As well as the two protocols above, multiple spanning tree protocol (MSTP) can disbranch a ring network to form a tree-topological ring-free network to prevent packets from being duplicated and forwarded endlessly in the ring network. Additionally, MSTP can also provide multiple redundant paths for packet forwarding to implement VLAN-based load balancing.

MSTP is compatible with both STP and RSTP. It overcomes the drawback of STP and RSTP. It not only enables spanning trees to converge rapidly, but also enables packets of different VLANs to be forwarded along their respective paths to provide a better load balancing mechanism for redundant links.

1.1.1  MSTP Protocol Data Unit

Bridge protocol data unit (BPDU), which is also called configuration message, is the protocol data unit (PDU) that STP and RSTP use.

The switches in a network transfer BPDUs between each other to determine the topology of the network. BPDUs carry enough information needed for spanning tree calculation.

BPDUs used in STP fall into the following two categories:

l           Configuration BPDUs: BPDUs of this type are used to maintain the spanning tree topology.

l           Topology change notification BPDU (TCN BPDN): BPDUs of this type are used to notify the switches of network changes.

Similar to STP and RSTP, MSTP uses BPDUs for spanning tree calculation too. Besides, the BPDUs of MSTP carry MSTP configuration information of the switches.

1.1.2  Basic MSTP Terminologies

Figure 1-1 illustrates basic MSTP terms (assuming that MSTP is enabled on each switch in this figure).

Figure 1-1 Basic MSTP terminologies

I. MST region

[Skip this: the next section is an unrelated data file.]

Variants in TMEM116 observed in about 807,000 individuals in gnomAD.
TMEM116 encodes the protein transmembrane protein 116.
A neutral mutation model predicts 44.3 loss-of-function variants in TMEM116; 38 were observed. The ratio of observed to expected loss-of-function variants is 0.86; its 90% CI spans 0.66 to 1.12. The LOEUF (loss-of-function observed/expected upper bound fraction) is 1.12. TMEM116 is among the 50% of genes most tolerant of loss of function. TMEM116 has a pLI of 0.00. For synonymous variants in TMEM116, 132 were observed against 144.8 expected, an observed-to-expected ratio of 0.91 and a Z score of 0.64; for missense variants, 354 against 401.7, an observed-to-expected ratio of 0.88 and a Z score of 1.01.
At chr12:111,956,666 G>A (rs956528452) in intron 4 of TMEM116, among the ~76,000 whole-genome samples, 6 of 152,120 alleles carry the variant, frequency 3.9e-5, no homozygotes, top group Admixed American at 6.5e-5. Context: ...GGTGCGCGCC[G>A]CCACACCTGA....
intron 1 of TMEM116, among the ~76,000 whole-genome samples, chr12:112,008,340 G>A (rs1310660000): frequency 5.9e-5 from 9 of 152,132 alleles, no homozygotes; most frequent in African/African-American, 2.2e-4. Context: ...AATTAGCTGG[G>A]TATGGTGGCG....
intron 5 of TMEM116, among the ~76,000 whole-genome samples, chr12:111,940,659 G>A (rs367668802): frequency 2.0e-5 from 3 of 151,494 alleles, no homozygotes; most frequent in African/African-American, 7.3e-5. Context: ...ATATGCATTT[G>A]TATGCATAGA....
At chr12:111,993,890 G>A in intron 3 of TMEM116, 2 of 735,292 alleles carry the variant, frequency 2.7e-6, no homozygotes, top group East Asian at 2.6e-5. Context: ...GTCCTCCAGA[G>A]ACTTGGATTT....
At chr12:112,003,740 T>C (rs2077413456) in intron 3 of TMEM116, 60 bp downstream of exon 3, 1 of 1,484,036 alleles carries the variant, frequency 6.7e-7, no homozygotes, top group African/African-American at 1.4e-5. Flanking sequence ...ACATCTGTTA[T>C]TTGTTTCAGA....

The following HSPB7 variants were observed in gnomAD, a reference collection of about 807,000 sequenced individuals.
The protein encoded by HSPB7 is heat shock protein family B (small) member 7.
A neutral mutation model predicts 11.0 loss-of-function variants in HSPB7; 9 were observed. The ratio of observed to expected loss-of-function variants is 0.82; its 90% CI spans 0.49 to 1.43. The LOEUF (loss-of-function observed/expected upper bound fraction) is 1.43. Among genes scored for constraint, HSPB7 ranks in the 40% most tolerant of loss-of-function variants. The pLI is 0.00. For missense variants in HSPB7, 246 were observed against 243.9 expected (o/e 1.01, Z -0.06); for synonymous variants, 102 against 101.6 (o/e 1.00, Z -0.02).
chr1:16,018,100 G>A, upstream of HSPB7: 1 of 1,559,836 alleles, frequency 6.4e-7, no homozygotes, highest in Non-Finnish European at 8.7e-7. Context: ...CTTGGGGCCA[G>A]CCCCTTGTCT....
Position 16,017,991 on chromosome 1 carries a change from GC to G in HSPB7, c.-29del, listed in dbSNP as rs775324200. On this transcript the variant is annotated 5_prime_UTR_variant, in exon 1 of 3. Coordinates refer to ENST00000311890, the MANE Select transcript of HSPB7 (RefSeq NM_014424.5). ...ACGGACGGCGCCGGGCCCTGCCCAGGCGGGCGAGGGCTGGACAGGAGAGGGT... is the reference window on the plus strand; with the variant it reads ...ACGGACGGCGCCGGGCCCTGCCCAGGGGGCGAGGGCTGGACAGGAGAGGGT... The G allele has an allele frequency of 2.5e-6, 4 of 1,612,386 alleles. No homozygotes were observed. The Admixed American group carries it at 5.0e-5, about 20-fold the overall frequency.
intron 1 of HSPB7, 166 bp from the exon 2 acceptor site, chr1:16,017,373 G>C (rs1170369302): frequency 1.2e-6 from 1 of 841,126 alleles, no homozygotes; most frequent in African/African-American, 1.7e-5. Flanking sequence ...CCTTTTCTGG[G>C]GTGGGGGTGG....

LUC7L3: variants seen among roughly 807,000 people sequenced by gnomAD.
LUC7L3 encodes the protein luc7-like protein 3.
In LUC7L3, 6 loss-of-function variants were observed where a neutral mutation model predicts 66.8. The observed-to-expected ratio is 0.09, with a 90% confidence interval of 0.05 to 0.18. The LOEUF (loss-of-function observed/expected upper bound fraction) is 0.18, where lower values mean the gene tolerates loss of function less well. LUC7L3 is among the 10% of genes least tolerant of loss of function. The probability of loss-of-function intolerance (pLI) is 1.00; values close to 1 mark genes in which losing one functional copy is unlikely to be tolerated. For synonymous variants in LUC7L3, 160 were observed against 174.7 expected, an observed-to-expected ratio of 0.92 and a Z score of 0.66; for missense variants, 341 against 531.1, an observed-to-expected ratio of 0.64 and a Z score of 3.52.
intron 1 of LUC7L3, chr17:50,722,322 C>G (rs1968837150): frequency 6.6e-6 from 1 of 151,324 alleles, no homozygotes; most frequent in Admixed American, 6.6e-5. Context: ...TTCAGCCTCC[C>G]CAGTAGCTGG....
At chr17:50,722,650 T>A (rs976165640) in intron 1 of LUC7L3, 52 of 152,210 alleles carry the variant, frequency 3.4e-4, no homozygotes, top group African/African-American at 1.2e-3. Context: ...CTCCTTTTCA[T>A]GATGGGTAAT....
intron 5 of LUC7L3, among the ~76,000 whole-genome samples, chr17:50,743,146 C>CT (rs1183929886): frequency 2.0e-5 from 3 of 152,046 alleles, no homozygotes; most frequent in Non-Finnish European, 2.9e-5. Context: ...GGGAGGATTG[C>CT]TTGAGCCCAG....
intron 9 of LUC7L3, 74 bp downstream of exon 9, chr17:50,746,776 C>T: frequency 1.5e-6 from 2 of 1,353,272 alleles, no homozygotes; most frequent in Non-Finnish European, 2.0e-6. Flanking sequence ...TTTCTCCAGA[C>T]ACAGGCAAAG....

A multiple spanning tree region (MST region) comprises multiple physically-interconnected MSTP-enabled switches and the corresponding network segments connected to these switches. These switches have the same region name, the same VLAN-to-MSTI mapping configuration and the same MSTP revision level.

A switched network can contain multiple MST regions. You can group multiple switches into one MST region by using the corresponding MSTP configuration commands. For example, all switches in region A0 shown in Figure 1-1 have the same MST region configuration: the same region name, the same VLAN-to-MSTI mappings (that is, VLAN 1 is mapped to spanning tree instance 1, VLAN 2 is mapped to spanning tree instance 2, and other VLANs are mapped to CIST), and the same MSTP revision level (not shown in Figure 1-1).

II. MSTI

A multiple spanning tree instance (MSTI) refers to a spanning tree in an MST region.

Multiple spanning trees can be established in one MST region. These spanning trees are independent of each other. For example, each region in Figure 1-1 contains multiple spanning trees known as MSTIs. Each of these spanning trees corresponds to a VLAN.

III. VLAN mapping table

A VLAN mapping table is a property of an MST region. It contains information about how VLANs are mapped to MSTIs. For example, in Figure 1-1, the VLAN mapping table of region A0 is: VLAN 1 is mapped to MSTI 1; VLAN 2 is mapped to MSTI 2; and other VLANs are mapped to CIST. In an MST region, load balancing is implemented according to the VLAN mapping table.

IV. IST

An internal spanning tree (IST) is a spanning tree in an MST region.